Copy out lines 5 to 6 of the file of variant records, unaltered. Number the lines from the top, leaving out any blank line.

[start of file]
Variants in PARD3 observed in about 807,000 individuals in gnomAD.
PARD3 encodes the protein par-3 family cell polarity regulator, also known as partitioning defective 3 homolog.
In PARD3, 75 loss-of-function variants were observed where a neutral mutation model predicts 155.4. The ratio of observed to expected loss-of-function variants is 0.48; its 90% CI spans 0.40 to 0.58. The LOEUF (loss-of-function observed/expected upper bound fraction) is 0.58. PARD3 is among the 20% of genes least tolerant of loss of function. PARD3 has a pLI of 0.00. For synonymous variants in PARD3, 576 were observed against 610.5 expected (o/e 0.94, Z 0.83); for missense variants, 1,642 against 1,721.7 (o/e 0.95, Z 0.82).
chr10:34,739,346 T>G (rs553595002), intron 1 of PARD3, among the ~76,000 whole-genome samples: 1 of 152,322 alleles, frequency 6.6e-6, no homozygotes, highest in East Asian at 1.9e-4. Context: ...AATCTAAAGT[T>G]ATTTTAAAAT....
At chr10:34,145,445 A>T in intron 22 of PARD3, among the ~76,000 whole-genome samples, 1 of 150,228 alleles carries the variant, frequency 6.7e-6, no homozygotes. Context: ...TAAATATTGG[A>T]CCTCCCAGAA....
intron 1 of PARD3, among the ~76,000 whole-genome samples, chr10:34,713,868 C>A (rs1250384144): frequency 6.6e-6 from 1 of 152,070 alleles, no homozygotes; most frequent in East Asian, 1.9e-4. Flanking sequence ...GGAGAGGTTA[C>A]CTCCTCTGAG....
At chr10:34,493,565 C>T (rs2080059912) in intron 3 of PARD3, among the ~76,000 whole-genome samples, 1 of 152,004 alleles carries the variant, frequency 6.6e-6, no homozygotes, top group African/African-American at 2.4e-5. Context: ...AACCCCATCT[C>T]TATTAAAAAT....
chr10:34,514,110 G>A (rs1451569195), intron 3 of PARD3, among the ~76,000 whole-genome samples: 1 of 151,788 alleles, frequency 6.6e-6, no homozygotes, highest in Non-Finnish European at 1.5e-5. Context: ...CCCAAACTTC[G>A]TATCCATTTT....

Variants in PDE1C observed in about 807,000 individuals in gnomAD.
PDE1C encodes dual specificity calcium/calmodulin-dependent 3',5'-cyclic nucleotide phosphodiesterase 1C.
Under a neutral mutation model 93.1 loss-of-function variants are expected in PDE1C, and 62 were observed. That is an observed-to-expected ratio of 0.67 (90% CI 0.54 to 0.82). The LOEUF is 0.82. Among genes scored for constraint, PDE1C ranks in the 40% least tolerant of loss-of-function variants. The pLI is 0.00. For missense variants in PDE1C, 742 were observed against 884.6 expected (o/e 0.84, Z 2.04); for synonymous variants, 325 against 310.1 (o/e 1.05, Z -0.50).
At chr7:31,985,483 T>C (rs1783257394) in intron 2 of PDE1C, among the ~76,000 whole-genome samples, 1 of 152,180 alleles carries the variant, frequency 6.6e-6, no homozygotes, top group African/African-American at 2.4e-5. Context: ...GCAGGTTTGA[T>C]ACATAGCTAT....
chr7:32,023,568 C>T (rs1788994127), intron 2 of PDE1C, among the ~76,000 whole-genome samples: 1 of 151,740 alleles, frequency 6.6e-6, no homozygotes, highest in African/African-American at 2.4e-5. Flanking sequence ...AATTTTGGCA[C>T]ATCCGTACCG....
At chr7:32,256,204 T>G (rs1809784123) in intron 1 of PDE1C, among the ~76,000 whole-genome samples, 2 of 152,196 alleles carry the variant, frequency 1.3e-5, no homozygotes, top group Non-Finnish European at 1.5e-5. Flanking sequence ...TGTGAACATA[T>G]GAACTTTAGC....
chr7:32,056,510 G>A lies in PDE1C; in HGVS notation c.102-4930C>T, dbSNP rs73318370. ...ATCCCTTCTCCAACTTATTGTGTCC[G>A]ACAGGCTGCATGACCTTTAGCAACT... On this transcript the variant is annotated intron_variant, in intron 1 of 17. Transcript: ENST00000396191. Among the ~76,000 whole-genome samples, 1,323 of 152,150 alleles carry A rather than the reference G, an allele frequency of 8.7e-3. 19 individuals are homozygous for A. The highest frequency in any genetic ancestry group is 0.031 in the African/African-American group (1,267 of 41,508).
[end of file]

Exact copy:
At chr10:34,145,445 A>T in intron 22 of PARD3, among the ~76,000 whole-genome samples, 1 of 150,228 alleles carries the variant, frequency 6.7e-6, no homozygotes. Context: ...TAAATATTGG[A>T]CCTCCCAGAA....
intron 1 of PARD3, among the ~76,000 whole-genome samples, chr10:34,713,868 C>A (rs1250384144): frequency 6.6e-6 from 1 of 152,070 alleles, no homozygotes; most frequent in East Asian, 1.9e-4. Flanking sequence ...GGAGAGGTTA[C>A]CTCCTCTGAG....